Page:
Shopping in Lisbon is plentiful and very affordable. Skip the useless souvenirs, and instead stock up on delicious Portuguese specialties like gourmet tinned fish, sweet Ginja, and the delicious Portuguese-made preserves and honeys. Portuguese ceramics and fragrant soaps are also amazing keepsakes to bring back with you. Make sure you’re not buying the Made in China products by shopping at stores that sell the locally-crafted ceramics (and other goodies) – Lisbon Shop, A Vida Portuguesa, and Embaixada are a few of my faves. Embaixada deserves a special mention for its beautiful setting. Even if you’re not planning on shopping, stop by this concept store to admire its architecture (and maybe take a break on Atalho Real’s patio complete with bean bag chairs and plenty of shade).
If you’re looking for luxury brands, then Avenida Liberdade should be on your itinerary. The local flea market that runs along this street on weekends is also worth exploring (every second weekend of each month May-October). For fast-fashion and brands that you can’t find in Canada (Oysho, Bershka, Stradivarius, Uterque, Bimba y Lola to name a few) visit Baixa-Chiado neighbourhood and Amoreiras Mall (a quick Uber ride from downtown).
4. Visit Sintra
Depending on how many days you have in Lisbon, a day trip to Sintra may be worth your while. It’s super easy to get to by train (about an hour one way), and has plenty of cultural things to do and see. One thing I would highly recommend is to grab a taxi or a bus from the train station instead of walking to the top. We ended up hiking all the way up, which was both stupid and way too ambitious on a hot summer day. By the time we got to Castelo dos Mouros, half of the group was pissed off, and all of us were sunburned and drenched in sweat. If you really like hiking, going down on foot (instead of up) might be a better option. Despite our hiking fiasco, I really enjoyed Sintra and loved Quinta da Regaleira and its beautiful grounds (and plentiful cats). Wish we had more time (and energy) to visit Palácio Nacional de Pena, but hopefully another time.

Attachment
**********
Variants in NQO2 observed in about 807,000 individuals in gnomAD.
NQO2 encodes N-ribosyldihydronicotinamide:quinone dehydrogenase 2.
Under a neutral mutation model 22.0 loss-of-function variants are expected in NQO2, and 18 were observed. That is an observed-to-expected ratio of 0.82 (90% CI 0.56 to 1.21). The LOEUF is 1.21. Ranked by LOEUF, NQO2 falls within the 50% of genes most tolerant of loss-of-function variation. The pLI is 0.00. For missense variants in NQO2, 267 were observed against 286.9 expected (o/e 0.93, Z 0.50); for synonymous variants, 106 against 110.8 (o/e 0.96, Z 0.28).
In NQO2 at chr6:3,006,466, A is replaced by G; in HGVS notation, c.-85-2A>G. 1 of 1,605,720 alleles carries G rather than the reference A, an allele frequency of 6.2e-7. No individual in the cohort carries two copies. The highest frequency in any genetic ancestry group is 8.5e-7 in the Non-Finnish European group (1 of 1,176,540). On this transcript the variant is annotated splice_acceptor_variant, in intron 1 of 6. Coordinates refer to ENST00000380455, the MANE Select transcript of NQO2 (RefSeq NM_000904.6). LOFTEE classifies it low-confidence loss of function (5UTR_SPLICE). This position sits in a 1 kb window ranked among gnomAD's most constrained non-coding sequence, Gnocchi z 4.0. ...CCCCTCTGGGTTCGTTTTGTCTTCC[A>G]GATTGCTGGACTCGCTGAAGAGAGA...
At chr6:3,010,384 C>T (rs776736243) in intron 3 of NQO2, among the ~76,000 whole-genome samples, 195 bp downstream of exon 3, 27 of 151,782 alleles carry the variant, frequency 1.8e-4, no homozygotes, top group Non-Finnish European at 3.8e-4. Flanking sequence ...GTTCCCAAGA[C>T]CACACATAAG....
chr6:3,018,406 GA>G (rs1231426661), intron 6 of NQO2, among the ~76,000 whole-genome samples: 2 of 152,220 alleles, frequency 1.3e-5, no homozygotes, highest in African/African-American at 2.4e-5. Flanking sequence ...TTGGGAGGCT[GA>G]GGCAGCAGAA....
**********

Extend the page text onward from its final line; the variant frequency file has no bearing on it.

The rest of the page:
Lisbon is a lively, beautiful city with a ton of things to do and plenty of landmarks to visit. Admiring the many tiled buildings was probably my favourite thing, which is why I’m so sad that we missed out on a visit to the Museu Nacional do Azulejo (aka the Tile Museum). I hear it’s a gem, so check it out if you get a chance.
It was too hot for us to ride the infamous Tram 28, but hanging out along its route to take photos of the passing trams was just as fun.
Last but not least, I highly recommend a visit to the Palacio dos Marqueses de Fronteira. This beautiful palace is a private residence of the Marquis of Fronteira and his family and is only open to visitors for only a couple of hours each day (Monday-Saturday). You can take a guided tour of the palace, or skip it and go straight to the stunning garden. If you plan on doing both, get there early, so you have plenty of time to explore the grounds. Watch out for the mean black swan that guards the fountain – don’t get too close, he bites. Getting there is a bit challenging, so I would highly recommend grabbing an Uber (we ended up splitting one with another couple on our way back to central Lisbon). This palace is a true gem with some of the most interesting tile work I’ve seen in Portugal. Don’t miss it.
So there you have it, my top 5 things to do in Lisbon, Portugal. Have you ever been? Share your fave places/things to do in Lisbon in the comments.